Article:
I never thought I'd ever go back, since after three publishers, two agents and eight books nobody wanted it. But now, again, there's, and for the first time I'm actually considering doing POD/Lulu on at least one more Keltiad book (The Beltane Queen, about Aeron's great-grandmother Aoife, from her misspent Prince Hal-ish youth to her vast and cunning Queen-Victorian old age).

I have it plotted, completely, and perhaps 20,000 words done on it. In fact, at the urging of my then agent, at one point I switched it over to a completely generic, non-Kelts, no-series stand-alone fantasy novel, called some title can't recall. But he didn't seem to think it worked, and I threw up my hands and went on to the mysteries.

So, as I say, I haven't been back to Keltia for a while. Things are very different now: Aeron and Gwydion have been empress and emperor for at least twenty years (their imperial seat is on the planet Galing, outside the Curtain Wall), and they have two children; Rohan is High King of Keltia, married to Rauni of Fomor since three years after the Kelticoranian War, and they also have offspring; everybody is great friends with Elathan and Camissa, and with the current Terran government, and with the Yamazai; and things look good.

Until they don't. And that's all I'm saying. I'm just saying.

So obviously there would be at least one post-Throne of Scone book, probably the one called "The Cloak of Gold", not a trilogy which maybe was too ambitious in the first place. But once I got back into it that could well change, especially if people expressed an interest in buying my online books.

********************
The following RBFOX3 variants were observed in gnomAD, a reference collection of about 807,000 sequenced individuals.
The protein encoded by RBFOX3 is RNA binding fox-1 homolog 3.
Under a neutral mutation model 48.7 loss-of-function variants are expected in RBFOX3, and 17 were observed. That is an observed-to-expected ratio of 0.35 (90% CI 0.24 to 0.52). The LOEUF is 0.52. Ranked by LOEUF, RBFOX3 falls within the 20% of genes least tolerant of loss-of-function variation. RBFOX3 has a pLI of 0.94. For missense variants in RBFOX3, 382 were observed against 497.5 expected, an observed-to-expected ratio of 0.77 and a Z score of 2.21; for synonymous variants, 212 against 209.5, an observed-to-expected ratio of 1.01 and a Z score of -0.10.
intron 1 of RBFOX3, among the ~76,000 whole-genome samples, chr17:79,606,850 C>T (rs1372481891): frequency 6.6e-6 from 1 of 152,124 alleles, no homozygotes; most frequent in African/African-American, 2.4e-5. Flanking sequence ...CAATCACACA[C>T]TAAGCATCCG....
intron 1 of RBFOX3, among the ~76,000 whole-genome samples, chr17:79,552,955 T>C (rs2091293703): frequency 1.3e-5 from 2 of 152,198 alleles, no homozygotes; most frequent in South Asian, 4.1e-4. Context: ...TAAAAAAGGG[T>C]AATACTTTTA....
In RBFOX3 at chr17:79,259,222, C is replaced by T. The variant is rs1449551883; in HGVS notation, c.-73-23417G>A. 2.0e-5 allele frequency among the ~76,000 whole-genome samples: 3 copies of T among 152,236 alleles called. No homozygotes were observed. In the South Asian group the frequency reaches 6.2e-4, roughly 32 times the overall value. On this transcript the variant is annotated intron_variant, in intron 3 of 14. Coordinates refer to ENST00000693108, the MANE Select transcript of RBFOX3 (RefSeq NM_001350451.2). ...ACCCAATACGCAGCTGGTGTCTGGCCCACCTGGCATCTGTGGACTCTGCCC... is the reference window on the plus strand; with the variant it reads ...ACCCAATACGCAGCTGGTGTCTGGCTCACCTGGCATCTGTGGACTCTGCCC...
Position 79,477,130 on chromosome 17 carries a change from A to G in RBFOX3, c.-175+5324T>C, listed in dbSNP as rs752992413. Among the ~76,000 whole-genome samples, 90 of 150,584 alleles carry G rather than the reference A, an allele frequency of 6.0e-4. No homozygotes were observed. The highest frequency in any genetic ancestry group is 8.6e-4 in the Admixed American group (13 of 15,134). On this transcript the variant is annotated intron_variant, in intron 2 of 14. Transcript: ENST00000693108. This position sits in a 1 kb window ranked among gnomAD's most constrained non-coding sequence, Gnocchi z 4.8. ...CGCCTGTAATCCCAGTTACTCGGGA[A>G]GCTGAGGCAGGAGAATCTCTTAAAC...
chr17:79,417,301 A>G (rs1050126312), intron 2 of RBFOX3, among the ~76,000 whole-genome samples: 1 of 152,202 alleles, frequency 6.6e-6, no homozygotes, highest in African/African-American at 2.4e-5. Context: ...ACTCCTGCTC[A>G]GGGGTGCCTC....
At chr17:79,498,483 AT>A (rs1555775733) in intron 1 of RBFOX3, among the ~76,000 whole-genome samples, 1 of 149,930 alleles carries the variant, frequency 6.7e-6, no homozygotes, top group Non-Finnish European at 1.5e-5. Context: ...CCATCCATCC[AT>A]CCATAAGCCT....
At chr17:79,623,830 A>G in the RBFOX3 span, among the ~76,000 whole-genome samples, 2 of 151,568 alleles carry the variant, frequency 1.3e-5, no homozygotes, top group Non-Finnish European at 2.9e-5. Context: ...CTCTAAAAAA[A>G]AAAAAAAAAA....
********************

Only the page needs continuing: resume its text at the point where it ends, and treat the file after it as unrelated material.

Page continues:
Which I wouldn't think to be a problem. I went into Barnes & Noble the other day with a list of I think nine books, and of those nine only TWO did not have to be special-ordered. So even books from trad publishers aren't getting into the stores.
And through Lulu, readers can order from Amazon and I think also B&N, so whaur's yer differ noo, I ask?

Well, the BIG differ is that with Lulu, I can control everything. And I think you know how much I like the sound of that.
I can spec the type, supply the jacket art (a fine-artist/art-director friend of mine has graciously volunteered; in fact, I'm going to look at his concepts for Ungrateful Dead, the first mystery, on Tuesday), set the price...I would indeed be Queen, and it would indeed be good.

No arguments with idiot proofreaders who want to change my ellipses and slap in serial commas all over the place. No pig-headed editors. No assholery.
I can set the cover price, and the buyers can choose among hardcover with the trad paper jacket, trade paperback or casebound (which means hard covers with the jacket art kind of vinylized on, not paper), as the buyer wishes. All differently priced.
And Lulu will ship it, so I won't have to have thousands of pre-purchased books in my kitchen. It's sort of like I'm the publisher, and they're just the printery. In fact, it's exactly like: I think Lizard Queen Publishing could use a logo...

And the startup cost is: TWO HUNDRED DOLLARS! For setup, and for Lulu to get me the ISBN number, and to put me into the Amazon database. There might be a couple of other charges, but this is the basic nut. Not like x-libris or i-universe, which both required thousands up front and only offered a 20% royalty.

AND: 80% of the cover price for me, 20% for Lulu (for printing, binding, mailing, etc.) I think that's fair.